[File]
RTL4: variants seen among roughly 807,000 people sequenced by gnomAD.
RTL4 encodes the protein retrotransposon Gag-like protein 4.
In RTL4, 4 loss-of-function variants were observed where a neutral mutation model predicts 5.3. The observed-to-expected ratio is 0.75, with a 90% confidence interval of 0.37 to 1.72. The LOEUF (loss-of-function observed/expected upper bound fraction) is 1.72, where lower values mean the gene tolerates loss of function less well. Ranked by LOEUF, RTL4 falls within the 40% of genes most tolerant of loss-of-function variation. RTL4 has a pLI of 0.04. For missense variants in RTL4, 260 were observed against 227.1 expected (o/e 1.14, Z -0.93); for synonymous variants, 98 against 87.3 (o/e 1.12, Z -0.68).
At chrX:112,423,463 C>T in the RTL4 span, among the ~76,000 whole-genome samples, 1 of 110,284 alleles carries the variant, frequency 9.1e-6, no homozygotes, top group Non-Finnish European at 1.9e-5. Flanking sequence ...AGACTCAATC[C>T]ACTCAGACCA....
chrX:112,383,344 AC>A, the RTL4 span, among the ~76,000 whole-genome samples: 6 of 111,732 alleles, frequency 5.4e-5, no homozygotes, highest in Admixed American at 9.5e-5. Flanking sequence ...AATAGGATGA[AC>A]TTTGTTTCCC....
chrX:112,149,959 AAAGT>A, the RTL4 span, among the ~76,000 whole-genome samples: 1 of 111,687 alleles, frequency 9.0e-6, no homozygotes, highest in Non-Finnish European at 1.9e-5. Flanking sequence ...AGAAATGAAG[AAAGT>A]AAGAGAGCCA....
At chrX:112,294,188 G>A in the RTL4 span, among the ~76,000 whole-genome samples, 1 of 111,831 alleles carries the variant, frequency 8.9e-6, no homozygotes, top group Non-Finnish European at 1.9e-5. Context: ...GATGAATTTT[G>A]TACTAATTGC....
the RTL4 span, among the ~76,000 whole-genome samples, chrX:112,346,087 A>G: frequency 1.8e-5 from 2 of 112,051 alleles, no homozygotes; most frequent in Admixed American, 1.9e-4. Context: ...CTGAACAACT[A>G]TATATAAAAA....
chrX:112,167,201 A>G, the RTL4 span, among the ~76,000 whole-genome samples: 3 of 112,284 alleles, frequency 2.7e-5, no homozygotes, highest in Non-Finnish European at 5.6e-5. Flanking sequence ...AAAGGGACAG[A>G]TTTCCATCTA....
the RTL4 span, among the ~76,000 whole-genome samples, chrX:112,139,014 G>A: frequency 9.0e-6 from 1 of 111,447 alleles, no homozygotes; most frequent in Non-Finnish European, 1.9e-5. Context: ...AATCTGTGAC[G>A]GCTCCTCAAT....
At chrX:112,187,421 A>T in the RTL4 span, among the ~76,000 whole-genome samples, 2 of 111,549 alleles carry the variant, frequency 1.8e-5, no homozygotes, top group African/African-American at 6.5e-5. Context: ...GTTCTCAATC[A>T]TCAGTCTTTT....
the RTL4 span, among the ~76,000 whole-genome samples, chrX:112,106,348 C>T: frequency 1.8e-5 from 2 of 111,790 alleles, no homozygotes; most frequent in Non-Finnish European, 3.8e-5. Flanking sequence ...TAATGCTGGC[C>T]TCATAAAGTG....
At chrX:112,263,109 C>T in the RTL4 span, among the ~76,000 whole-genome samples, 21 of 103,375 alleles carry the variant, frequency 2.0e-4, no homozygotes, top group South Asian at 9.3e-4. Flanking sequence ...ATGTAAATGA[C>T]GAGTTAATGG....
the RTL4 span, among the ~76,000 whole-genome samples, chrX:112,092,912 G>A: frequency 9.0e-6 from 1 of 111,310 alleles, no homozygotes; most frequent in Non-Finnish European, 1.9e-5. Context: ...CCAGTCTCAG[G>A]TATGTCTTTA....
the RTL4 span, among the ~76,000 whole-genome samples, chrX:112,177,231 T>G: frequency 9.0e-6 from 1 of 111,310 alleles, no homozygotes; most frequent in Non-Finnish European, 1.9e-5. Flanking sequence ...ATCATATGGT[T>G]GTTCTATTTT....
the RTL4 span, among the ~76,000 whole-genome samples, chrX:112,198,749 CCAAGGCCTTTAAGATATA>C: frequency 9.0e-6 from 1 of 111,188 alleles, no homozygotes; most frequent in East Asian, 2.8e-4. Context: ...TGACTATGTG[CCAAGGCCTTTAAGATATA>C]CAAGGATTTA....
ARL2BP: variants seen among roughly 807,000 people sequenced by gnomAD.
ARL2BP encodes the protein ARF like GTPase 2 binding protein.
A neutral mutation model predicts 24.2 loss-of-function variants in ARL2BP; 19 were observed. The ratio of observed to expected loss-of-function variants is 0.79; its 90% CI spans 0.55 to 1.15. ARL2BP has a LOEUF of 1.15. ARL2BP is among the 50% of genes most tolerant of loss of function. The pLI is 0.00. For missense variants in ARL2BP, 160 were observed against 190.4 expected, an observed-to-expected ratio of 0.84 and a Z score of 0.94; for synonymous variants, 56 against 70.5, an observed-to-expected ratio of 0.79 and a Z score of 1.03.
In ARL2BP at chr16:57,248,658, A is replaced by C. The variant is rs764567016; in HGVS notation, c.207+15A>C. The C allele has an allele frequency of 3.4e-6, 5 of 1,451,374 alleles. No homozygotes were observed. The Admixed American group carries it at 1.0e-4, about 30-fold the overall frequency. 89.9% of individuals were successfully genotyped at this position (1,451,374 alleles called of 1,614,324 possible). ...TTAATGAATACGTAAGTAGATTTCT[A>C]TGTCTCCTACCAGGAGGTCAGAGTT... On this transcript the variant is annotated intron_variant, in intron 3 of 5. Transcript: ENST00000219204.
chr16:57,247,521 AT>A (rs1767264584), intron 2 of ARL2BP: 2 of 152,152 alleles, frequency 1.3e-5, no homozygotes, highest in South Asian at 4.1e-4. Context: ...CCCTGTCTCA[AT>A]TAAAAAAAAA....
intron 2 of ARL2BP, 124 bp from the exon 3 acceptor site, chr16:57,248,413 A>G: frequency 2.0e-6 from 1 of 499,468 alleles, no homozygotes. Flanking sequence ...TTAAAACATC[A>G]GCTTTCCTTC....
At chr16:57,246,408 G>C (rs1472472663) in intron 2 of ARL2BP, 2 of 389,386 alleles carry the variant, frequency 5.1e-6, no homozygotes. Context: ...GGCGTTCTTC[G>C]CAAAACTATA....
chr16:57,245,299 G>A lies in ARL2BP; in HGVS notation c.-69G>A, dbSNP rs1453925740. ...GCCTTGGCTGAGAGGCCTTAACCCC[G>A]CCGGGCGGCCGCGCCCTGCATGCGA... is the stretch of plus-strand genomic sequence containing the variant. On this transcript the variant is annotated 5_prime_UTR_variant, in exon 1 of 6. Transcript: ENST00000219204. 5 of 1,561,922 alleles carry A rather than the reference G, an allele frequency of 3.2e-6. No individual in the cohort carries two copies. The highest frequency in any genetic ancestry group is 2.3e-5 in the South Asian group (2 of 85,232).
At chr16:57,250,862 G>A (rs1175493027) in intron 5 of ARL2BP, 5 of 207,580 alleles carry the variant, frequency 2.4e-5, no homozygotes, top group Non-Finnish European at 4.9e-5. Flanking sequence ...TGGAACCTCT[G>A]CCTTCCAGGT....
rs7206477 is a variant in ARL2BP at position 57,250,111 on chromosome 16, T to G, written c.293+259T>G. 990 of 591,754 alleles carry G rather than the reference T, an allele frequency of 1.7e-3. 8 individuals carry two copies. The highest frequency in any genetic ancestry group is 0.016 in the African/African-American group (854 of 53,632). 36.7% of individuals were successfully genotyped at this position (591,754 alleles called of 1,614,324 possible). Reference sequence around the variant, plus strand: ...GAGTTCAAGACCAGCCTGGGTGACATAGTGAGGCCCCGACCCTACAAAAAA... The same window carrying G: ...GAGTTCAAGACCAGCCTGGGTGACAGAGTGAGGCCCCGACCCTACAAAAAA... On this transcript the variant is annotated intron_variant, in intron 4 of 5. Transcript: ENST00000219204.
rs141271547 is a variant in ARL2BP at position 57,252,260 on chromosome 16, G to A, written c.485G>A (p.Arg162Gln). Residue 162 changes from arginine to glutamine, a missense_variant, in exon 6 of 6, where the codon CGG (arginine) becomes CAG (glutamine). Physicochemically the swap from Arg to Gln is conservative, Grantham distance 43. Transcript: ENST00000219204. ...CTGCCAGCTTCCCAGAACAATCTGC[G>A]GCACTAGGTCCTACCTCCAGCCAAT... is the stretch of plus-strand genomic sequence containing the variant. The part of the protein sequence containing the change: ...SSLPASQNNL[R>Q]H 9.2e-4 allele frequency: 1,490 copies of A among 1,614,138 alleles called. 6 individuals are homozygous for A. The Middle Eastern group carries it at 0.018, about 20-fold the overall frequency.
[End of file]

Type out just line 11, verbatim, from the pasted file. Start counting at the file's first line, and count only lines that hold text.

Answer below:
At chrX:112,187,421 A>T in the RTL4 span, among the ~76,000 whole-genome samples, 2 of 111,549 alleles carry the variant, frequency 1.8e-5, no homozygotes, top group African/African-American at 6.5e-5. Context: ...GTTCTCAATC[A>T]TCAGTCTTTT....